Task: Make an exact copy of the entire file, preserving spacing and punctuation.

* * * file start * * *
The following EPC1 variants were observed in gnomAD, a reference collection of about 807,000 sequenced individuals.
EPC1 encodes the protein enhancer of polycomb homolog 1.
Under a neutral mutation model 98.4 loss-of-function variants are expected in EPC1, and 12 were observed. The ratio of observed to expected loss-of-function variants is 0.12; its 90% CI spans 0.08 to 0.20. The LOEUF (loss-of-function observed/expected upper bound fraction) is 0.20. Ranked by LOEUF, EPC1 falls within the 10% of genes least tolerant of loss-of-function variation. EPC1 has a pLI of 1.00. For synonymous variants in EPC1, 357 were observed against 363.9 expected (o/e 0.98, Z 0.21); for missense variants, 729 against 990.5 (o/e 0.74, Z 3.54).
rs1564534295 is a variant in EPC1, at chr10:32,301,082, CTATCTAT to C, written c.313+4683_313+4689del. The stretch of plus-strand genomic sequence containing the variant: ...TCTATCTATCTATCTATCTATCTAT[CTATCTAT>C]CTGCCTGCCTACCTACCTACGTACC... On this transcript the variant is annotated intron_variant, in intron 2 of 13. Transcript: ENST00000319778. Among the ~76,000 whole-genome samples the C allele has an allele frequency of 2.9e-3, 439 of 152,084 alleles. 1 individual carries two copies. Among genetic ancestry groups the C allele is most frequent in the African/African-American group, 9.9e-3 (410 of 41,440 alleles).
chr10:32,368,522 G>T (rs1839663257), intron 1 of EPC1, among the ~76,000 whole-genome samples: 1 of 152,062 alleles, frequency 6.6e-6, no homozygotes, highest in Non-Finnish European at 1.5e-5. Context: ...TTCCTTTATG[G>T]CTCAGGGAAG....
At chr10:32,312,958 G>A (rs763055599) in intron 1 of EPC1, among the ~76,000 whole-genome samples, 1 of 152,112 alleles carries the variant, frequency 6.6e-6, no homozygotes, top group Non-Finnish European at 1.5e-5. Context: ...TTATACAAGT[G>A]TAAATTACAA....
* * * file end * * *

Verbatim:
The following EPC1 variants were observed in gnomAD, a reference collection of about 807,000 sequenced individuals.
EPC1 encodes the protein enhancer of polycomb homolog 1.
Under a neutral mutation model 98.4 loss-of-function variants are expected in EPC1, and 12 were observed. The ratio of observed to expected loss-of-function variants is 0.12; its 90% CI spans 0.08 to 0.20. The LOEUF (loss-of-function observed/expected upper bound fraction) is 0.20. Ranked by LOEUF, EPC1 falls within the 10% of genes least tolerant of loss-of-function variation. EPC1 has a pLI of 1.00. For synonymous variants in EPC1, 357 were observed against 363.9 expected (o/e 0.98, Z 0.21); for missense variants, 729 against 990.5 (o/e 0.74, Z 3.54).
rs1564534295 is a variant in EPC1, at chr10:32,301,082, CTATCTAT to C, written c.313+4683_313+4689del. The stretch of plus-strand genomic sequence containing the variant: ...TCTATCTATCTATCTATCTATCTAT[CTATCTAT>C]CTGCCTGCCTACCTACCTACGTACC... On this transcript the variant is annotated intron_variant, in intron 2 of 13. Transcript: ENST00000319778. Among the ~76,000 whole-genome samples the C allele has an allele frequency of 2.9e-3, 439 of 152,084 alleles. 1 individual carries two copies. Among genetic ancestry groups the C allele is most frequent in the African/African-American group, 9.9e-3 (410 of 41,440 alleles).
chr10:32,368,522 G>T (rs1839663257), intron 1 of EPC1, among the ~76,000 whole-genome samples: 1 of 152,062 alleles, frequency 6.6e-6, no homozygotes, highest in Non-Finnish European at 1.5e-5. Context: ...TTCCTTTATG[G>T]CTCAGGGAAG....
At chr10:32,312,958 G>A (rs763055599) in intron 1 of EPC1, among the ~76,000 whole-genome samples, 1 of 152,112 alleles carries the variant, frequency 6.6e-6, no homozygotes, top group Non-Finnish European at 1.5e-5. Context: ...TTATACAAGT[G>A]TAAATTACAA....